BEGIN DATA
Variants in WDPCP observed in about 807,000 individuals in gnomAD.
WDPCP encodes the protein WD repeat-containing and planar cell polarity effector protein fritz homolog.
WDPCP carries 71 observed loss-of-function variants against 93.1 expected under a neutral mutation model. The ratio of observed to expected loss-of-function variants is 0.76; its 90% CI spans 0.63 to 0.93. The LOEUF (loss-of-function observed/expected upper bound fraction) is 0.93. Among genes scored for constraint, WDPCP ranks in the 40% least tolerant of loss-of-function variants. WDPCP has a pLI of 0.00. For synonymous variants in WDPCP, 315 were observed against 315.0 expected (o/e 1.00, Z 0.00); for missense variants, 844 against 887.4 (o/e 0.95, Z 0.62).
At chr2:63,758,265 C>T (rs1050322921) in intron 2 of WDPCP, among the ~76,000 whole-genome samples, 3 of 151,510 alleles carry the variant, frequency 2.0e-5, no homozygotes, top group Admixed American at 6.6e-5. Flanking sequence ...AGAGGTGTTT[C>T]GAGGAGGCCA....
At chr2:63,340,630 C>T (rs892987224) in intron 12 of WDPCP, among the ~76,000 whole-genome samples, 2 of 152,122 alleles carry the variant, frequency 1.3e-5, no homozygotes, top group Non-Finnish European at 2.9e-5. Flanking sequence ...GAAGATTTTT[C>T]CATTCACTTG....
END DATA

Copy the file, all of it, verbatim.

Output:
Variants in WDPCP observed in about 807,000 individuals in gnomAD.
WDPCP encodes the protein WD repeat-containing and planar cell polarity effector protein fritz homolog.
WDPCP carries 71 observed loss-of-function variants against 93.1 expected under a neutral mutation model. The ratio of observed to expected loss-of-function variants is 0.76; its 90% CI spans 0.63 to 0.93. The LOEUF (loss-of-function observed/expected upper bound fraction) is 0.93. Among genes scored for constraint, WDPCP ranks in the 40% least tolerant of loss-of-function variants. WDPCP has a pLI of 0.00. For synonymous variants in WDPCP, 315 were observed against 315.0 expected (o/e 1.00, Z 0.00); for missense variants, 844 against 887.4 (o/e 0.95, Z 0.62).
At chr2:63,758,265 C>T (rs1050322921) in intron 2 of WDPCP, among the ~76,000 whole-genome samples, 3 of 151,510 alleles carry the variant, frequency 2.0e-5, no homozygotes, top group Admixed American at 6.6e-5. Flanking sequence ...AGAGGTGTTT[C>T]GAGGAGGCCA....
At chr2:63,340,630 C>T (rs892987224) in intron 12 of WDPCP, among the ~76,000 whole-genome samples, 2 of 152,122 alleles carry the variant, frequency 1.3e-5, no homozygotes, top group Non-Finnish European at 2.9e-5. Flanking sequence ...GAAGATTTTT[C>T]CATTCACTTG....